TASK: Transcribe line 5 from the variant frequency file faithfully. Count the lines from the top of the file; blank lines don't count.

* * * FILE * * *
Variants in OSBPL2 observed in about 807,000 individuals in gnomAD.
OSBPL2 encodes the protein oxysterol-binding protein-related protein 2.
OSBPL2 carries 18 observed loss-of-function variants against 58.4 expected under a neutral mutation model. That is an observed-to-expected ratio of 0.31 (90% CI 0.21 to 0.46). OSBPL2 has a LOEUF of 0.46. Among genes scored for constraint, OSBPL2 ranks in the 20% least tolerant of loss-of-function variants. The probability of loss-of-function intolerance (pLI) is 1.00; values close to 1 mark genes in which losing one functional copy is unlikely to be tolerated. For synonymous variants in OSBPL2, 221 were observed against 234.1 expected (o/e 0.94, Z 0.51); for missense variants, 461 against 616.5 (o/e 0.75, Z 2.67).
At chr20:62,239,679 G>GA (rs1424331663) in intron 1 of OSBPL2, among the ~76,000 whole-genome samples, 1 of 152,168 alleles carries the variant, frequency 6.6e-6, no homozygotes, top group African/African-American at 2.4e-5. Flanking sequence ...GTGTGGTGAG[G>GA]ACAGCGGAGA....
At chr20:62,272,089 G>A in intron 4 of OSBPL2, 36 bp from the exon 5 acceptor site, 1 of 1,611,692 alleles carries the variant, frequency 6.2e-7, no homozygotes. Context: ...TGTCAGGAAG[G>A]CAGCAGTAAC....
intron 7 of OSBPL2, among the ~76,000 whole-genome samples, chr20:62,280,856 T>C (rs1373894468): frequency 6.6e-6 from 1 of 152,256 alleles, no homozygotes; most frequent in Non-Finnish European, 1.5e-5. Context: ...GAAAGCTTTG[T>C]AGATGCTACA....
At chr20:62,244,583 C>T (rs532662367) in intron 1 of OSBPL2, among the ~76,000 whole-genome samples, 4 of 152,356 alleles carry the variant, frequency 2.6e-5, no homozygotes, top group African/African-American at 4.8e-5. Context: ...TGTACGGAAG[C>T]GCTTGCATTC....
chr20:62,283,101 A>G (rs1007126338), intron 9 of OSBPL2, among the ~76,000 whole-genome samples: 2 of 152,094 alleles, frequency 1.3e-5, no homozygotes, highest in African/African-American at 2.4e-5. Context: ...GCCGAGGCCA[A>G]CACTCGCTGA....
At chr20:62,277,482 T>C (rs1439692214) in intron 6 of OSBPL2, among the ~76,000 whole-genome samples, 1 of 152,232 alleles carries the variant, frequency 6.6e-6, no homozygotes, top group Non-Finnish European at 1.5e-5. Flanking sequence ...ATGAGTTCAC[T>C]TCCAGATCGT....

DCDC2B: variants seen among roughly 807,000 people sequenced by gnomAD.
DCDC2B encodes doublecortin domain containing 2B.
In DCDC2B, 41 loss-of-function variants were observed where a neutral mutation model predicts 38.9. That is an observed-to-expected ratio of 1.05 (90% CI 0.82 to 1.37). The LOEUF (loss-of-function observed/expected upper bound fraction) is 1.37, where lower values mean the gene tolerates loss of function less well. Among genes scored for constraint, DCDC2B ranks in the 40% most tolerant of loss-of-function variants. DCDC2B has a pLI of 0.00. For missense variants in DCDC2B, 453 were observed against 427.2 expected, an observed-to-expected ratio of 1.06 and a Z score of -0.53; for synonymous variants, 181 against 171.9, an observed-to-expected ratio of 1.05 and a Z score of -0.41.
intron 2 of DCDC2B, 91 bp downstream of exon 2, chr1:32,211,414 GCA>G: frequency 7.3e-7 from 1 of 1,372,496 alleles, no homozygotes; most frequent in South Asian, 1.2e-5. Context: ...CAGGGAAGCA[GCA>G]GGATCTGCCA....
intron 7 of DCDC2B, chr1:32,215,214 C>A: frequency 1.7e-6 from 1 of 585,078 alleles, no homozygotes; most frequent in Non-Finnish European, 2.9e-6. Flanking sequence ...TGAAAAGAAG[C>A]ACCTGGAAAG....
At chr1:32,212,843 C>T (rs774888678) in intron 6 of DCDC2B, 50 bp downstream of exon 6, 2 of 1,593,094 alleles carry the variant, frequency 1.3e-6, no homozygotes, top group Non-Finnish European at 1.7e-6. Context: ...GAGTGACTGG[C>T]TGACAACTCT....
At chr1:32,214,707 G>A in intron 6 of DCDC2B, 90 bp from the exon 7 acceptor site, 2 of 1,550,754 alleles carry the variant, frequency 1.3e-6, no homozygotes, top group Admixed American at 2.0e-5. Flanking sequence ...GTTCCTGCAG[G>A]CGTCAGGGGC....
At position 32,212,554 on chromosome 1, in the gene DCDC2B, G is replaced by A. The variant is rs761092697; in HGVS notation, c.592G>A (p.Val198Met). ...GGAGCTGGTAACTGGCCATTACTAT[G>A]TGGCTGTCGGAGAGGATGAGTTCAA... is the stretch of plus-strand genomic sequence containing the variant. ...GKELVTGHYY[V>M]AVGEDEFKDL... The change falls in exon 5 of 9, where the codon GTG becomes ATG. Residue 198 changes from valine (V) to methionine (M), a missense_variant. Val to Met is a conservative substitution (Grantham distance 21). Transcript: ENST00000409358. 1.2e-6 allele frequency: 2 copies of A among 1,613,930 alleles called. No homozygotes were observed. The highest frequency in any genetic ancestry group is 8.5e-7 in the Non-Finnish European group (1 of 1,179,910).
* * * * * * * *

At chr20:62,272,089 G>A in intron 4 of OSBPL2, 36 bp from the exon 5 acceptor site, 1 of 1,611,692 alleles carries the variant, frequency 6.2e-7, no homozygotes. Context: ...TGTCAGGAAG[G>A]CAGCAGTAAC....